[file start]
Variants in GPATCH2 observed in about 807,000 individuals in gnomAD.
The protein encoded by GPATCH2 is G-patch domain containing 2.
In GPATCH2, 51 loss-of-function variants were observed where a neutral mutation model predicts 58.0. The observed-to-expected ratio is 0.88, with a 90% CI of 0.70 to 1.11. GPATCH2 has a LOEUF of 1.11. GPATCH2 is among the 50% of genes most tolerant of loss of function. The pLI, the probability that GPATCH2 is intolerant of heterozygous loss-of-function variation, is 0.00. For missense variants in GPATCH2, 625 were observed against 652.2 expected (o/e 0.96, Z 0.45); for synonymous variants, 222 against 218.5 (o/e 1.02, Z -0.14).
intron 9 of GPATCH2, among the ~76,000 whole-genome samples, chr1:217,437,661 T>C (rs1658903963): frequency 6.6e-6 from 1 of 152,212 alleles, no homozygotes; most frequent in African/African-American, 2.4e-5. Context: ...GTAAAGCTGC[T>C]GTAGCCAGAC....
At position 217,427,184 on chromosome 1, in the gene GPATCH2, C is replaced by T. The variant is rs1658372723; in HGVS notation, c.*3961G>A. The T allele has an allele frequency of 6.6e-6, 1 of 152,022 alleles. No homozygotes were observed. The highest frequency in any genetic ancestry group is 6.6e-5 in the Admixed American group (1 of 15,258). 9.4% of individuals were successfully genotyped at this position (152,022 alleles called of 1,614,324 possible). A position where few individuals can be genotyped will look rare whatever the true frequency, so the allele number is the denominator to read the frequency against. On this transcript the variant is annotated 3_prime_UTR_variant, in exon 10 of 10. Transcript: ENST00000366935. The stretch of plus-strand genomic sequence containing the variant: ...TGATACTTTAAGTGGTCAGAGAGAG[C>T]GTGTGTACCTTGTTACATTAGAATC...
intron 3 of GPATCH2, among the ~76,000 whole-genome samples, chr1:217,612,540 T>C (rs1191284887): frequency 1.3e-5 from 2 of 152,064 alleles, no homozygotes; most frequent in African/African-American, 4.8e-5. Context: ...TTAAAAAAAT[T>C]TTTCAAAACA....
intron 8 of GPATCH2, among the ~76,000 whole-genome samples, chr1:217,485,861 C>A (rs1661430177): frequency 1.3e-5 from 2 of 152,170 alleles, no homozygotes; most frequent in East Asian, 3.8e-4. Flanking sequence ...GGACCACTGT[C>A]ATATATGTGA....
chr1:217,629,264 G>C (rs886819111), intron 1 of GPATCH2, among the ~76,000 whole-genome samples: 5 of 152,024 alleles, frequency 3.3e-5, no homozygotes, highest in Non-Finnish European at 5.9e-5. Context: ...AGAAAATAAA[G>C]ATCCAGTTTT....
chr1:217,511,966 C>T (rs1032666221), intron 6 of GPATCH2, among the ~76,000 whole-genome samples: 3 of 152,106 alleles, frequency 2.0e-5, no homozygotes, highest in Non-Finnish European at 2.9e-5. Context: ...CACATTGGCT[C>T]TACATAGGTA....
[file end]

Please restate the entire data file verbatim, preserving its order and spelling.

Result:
Variants in GPATCH2 observed in about 807,000 individuals in gnomAD.
The protein encoded by GPATCH2 is G-patch domain containing 2.
In GPATCH2, 51 loss-of-function variants were observed where a neutral mutation model predicts 58.0. The observed-to-expected ratio is 0.88, with a 90% CI of 0.70 to 1.11. GPATCH2 has a LOEUF of 1.11. GPATCH2 is among the 50% of genes most tolerant of loss of function. The pLI, the probability that GPATCH2 is intolerant of heterozygous loss-of-function variation, is 0.00. For missense variants in GPATCH2, 625 were observed against 652.2 expected (o/e 0.96, Z 0.45); for synonymous variants, 222 against 218.5 (o/e 1.02, Z -0.14).
intron 9 of GPATCH2, among the ~76,000 whole-genome samples, chr1:217,437,661 T>C (rs1658903963): frequency 6.6e-6 from 1 of 152,212 alleles, no homozygotes; most frequent in African/African-American, 2.4e-5. Context: ...GTAAAGCTGC[T>C]GTAGCCAGAC....
At position 217,427,184 on chromosome 1, in the gene GPATCH2, C is replaced by T. The variant is rs1658372723; in HGVS notation, c.*3961G>A. The T allele has an allele frequency of 6.6e-6, 1 of 152,022 alleles. No homozygotes were observed. The highest frequency in any genetic ancestry group is 6.6e-5 in the Admixed American group (1 of 15,258). 9.4% of individuals were successfully genotyped at this position (152,022 alleles called of 1,614,324 possible). A position where few individuals can be genotyped will look rare whatever the true frequency, so the allele number is the denominator to read the frequency against. On this transcript the variant is annotated 3_prime_UTR_variant, in exon 10 of 10. Transcript: ENST00000366935. The stretch of plus-strand genomic sequence containing the variant: ...TGATACTTTAAGTGGTCAGAGAGAG[C>T]GTGTGTACCTTGTTACATTAGAATC...
intron 3 of GPATCH2, among the ~76,000 whole-genome samples, chr1:217,612,540 T>C (rs1191284887): frequency 1.3e-5 from 2 of 152,064 alleles, no homozygotes; most frequent in African/African-American, 4.8e-5. Context: ...TTAAAAAAAT[T>C]TTTCAAAACA....
intron 8 of GPATCH2, among the ~76,000 whole-genome samples, chr1:217,485,861 C>A (rs1661430177): frequency 1.3e-5 from 2 of 152,170 alleles, no homozygotes; most frequent in East Asian, 3.8e-4. Flanking sequence ...GGACCACTGT[C>A]ATATATGTGA....
chr1:217,629,264 G>C (rs886819111), intron 1 of GPATCH2, among the ~76,000 whole-genome samples: 5 of 152,024 alleles, frequency 3.3e-5, no homozygotes, highest in Non-Finnish European at 5.9e-5. Context: ...AGAAAATAAA[G>C]ATCCAGTTTT....
chr1:217,511,966 C>T (rs1032666221), intron 6 of GPATCH2, among the ~76,000 whole-genome samples: 3 of 152,106 alleles, frequency 2.0e-5, no homozygotes, highest in Non-Finnish European at 2.9e-5. Context: ...CACATTGGCT[C>T]TACATAGGTA....